No other country in the world has gone as far as Iceland in scraping down the gender bias practiced by corporates in paying salaries to their employees – as it has become the first country to illegalise paying more salaries to men than that to women.

On Monday, Iceland passed a new law that is designed to publicly shame companies that discriminate against women in paying salaries. Gender pay gap is a global problem and even developed countries like US suffers this problem as American women get paid 18% less than their male colleagues doing same work. Let’s not even mention about India (it is 24.81%). Significantly, Iceland was worlds ahead since the beginning as they had a rate of 5.7% – which is about to shrink even further after the law. With making the equal pay law effective, Iceland has picked up the torch of gender equality.

It should be noted that the law not only publicly exposes the companies who do not follow equal pays for both men and women, but it also makes the company a principle subject to lawsuit. The law requires all companies with more than 25 employees to set a fixed value for each task a worker of certain position performs and then fix the salary amount based on those values. Big companies will have to certify their compliance, obtained from authorized assessors, to the country’s government Centre for Gender Equality within a year; and smallest companies will be covered by 2021. This practice of certification will then be reiterated every three years to ensure that the law is lawfully followed by all companies as the law stipulates.  The law clearly states that the penalty for failing to comply with the law could amount up to ISK 50,000 per day.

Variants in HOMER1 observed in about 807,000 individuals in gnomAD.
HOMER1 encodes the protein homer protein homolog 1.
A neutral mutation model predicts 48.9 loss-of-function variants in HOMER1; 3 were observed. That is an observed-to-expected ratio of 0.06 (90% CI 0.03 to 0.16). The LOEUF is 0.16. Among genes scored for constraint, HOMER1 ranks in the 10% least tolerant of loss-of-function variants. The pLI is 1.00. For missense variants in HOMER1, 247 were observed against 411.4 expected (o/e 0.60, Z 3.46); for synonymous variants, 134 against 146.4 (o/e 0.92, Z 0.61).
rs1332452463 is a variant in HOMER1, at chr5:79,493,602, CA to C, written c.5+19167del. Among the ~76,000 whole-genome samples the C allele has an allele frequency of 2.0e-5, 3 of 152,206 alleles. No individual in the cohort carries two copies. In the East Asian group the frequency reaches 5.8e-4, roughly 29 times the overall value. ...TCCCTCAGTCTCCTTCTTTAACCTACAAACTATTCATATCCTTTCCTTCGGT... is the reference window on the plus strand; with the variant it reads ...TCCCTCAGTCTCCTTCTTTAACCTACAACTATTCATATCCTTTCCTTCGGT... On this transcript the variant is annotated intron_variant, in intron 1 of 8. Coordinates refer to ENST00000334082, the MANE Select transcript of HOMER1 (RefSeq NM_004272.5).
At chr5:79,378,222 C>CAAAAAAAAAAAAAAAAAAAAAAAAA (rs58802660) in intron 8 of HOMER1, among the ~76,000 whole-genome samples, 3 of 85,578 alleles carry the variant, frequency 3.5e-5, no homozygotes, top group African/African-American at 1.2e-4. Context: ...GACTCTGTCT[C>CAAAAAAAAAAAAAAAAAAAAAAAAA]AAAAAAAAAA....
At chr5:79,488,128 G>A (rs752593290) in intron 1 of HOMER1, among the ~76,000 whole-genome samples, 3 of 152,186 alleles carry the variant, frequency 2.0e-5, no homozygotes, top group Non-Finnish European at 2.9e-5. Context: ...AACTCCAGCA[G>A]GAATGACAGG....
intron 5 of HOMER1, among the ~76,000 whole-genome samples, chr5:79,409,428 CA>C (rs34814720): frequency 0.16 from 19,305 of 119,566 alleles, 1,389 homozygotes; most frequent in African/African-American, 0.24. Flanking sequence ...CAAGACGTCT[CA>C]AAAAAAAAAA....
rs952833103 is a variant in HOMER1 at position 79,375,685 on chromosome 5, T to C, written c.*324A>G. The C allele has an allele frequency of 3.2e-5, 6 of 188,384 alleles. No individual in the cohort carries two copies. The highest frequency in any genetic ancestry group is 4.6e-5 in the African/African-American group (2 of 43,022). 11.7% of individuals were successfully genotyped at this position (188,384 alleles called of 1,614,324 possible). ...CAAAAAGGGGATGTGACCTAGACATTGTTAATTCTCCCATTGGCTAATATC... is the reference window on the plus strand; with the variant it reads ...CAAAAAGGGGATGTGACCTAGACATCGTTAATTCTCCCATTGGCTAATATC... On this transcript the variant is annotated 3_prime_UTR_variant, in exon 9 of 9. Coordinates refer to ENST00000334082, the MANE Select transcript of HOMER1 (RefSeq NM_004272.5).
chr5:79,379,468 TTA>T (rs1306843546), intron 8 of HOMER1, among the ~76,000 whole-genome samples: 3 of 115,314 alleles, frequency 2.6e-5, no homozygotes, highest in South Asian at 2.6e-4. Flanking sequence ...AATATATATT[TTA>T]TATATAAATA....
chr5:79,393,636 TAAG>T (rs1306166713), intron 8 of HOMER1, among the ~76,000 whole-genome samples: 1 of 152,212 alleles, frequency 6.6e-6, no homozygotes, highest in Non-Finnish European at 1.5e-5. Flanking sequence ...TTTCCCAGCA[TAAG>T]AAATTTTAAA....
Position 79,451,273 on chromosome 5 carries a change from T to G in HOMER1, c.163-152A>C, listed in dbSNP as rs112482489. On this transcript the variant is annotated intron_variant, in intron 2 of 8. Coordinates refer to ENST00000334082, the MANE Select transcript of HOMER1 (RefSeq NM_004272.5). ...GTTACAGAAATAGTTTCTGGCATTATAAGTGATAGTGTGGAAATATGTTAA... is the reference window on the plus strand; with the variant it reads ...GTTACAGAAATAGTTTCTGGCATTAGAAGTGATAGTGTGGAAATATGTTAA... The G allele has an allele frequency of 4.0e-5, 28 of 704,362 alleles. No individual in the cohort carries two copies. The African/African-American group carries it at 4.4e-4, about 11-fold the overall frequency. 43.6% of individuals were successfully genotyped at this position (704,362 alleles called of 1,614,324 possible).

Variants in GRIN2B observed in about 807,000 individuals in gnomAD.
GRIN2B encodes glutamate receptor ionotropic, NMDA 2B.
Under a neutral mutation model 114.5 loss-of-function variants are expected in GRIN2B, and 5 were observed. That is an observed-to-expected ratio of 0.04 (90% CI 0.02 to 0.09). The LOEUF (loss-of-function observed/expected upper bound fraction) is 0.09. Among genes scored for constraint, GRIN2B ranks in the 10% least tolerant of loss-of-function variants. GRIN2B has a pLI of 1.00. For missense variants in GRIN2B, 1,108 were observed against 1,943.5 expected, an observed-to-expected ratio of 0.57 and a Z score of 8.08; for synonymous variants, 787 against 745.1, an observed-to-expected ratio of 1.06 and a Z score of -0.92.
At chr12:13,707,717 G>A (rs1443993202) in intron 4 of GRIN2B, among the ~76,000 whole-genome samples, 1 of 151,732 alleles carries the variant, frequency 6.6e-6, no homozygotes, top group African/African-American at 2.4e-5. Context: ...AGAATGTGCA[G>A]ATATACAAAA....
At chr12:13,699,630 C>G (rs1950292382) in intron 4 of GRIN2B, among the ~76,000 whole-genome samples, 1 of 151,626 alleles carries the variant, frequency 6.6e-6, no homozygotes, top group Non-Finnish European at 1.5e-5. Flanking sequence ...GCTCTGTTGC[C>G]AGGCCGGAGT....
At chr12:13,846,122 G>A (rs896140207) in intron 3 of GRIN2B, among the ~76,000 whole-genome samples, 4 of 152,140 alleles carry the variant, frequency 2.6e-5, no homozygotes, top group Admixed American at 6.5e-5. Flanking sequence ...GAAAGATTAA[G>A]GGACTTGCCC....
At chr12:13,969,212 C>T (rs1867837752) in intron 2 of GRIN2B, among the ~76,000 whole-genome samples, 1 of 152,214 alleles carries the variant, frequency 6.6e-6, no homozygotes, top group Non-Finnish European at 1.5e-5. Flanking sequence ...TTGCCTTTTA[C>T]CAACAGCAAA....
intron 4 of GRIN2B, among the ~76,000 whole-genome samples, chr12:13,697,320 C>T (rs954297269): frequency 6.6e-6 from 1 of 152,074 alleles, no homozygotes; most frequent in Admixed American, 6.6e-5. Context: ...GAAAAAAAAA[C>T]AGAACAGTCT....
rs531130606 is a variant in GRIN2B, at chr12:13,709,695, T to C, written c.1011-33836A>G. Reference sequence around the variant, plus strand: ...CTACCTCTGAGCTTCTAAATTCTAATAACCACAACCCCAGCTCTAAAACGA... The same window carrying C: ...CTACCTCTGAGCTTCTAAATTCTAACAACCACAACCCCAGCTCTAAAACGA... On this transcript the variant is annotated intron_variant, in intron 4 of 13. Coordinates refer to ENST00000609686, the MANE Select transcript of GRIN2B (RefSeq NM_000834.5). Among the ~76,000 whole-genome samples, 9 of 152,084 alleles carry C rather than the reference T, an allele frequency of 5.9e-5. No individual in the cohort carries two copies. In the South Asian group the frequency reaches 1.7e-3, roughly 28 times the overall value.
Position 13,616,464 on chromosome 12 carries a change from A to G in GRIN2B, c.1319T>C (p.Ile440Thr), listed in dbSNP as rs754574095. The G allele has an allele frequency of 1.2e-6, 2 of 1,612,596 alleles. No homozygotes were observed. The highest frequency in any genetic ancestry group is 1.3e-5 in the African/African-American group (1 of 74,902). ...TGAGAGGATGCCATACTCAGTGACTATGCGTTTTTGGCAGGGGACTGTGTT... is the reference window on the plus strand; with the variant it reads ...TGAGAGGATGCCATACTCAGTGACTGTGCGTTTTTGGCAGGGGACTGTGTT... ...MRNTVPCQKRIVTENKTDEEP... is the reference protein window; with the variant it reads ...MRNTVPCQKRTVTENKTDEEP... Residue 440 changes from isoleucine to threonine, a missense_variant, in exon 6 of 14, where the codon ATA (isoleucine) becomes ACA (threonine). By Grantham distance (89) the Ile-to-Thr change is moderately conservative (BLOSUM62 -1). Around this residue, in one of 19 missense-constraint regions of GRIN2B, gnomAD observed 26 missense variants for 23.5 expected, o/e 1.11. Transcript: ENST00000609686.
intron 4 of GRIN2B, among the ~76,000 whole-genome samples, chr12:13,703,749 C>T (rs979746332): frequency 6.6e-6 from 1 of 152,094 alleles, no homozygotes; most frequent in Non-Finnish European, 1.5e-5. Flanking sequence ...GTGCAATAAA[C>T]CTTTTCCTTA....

With such a strict law, Iceland hopes to get completely free of gender pay gap by 2021. While Iceland might soon be free from gender pay gap, the whole world altogether, will need 217 years to close up with this gap; because as per WEF 2017 reports, globally, women earn 57 per cent of what men earn doing the same work. That is a huge gap and will certainly need over two centuries, unless every country takes inspiration from Iceland and passes anti-gender pay gap laws.

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